One dose of HPV vaccine is enough to protect girls and young women from cervical cancer: WHO

The vaccine that protects people against most cervical cancers, according to the World Health Organization, elicits an immune response so potent that just a single dose is enough.

An April review by the WHO’s Strategic Advisory Group of Experts on Immunization concluded that a single dose of human papillomavirus (HPV) vaccine “provides solid protection against HPV” comparable to the two-dose schedule most adolescents in Australia currently receive.

The WHO has recommended that countries update their vaccination schedules accordingly.

And in some parts of the world, the wheels are already moving.

In February, the UK’s Vaccine Advisory Committee issued advice to change the HPV vaccine schedule to a single dose for children under 14.

Evidence that one dose of the HPV vaccine is enough has been building for some time, according to Julia Brotherton, Medical Director of Health at the Australian Center for the Prevention of Cervical Cancer.

“We have a limited supply of the vaccine and it is very expensive,” said Professor Brotherton, who is also a public health physician at the University of Melbourne.

But how do we know if one dose is enough protection, and should Australia – one of the first countries to roll out the HPV vaccine nationwide – make the switch from two injections to one?

Remember: What Does the HPV Vaccine Do?

There are two approved HPV vaccines in Australia. Currently, the most commonly used is Gardisil-9, available on the National Immunization Programme.

It protects against seven cancer-causing HPV types — not just cervical cancer, but anus and throat cancers — and two types that cause genital warts.

In 2018, it replaced an earlier version of Gardisil that was quadrivalent, meaning it was immunized against four types of HPV.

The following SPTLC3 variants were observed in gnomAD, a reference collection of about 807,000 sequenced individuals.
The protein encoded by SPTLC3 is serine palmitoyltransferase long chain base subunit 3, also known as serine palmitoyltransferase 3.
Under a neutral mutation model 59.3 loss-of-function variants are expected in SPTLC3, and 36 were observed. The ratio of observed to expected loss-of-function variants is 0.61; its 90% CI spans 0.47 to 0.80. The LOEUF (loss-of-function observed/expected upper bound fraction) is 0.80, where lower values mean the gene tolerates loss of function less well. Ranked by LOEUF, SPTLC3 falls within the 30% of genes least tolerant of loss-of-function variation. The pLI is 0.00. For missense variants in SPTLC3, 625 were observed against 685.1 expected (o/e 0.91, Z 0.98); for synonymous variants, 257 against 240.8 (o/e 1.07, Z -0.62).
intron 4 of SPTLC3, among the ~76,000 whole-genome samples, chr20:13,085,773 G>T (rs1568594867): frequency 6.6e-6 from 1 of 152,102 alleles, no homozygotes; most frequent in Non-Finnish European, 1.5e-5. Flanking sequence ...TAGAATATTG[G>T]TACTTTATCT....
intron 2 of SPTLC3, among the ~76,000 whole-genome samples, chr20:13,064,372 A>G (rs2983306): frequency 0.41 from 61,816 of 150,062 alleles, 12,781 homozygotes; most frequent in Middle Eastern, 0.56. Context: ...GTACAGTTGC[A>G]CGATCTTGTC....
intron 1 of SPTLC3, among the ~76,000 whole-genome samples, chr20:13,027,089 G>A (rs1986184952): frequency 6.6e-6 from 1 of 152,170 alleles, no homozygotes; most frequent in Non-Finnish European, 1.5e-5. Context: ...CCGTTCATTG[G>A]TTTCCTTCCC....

The other HPV vaccine, Cervarix, is bivalent. It only protects against HPV types 16 and 18.

Because HPV spreads through sexual contact, vaccines are best given to people before they are sexually active.

In Australia, they are usually administered to adolescents under 15, usually around 12 or 13 years old.

When the HPV vaccine was first introduced to non-immunocompromised adolescents under the National HPV Vaccination Program in 2007, a “completed course” was considered three doses over six months.

That changed in 2018, after studies showed that two doses of the same vaccine, spaced at least six months apart, worked just as well.

(People who begin HPV vaccination at age 15 or older, or who are immunocompromised, are still recommended to get three doses, if possible.)

And now it seems that one dose is enough.

How do we know that one dose is enough?

In about 15 years since the HPV vaccine was first rolled out, researchers have tracked cervical cancer rates in millions of girls and women around the world.

But recent studies have provided compelling evidence that just one dose of the vaccine is enough.

The first hint came from a vaccine trial in Costa Rica. It was designed to evaluate the efficacy of three doses, but a group of women in the study accidentally received only one or two doses.

“This was not meant to be,” Professor Brotherton said.

“People got pregnant or something else happened and they only got one dose.

The vaccine in the Costa Rica study was bivalent. Would the same be true for a quadrivalent vaccine?

An answer would come from India, where a large trial of a three-dose schedule was halted halfway through. This meant that many of the girls in the trial, aged between 10 and 18, received only one dose.

“But what we saw from that cohort study was that the quadrivalent vaccine again showed equivalent levels of protection in the girls who received only one dose as those who received two or three,” Professor Brotherton said.

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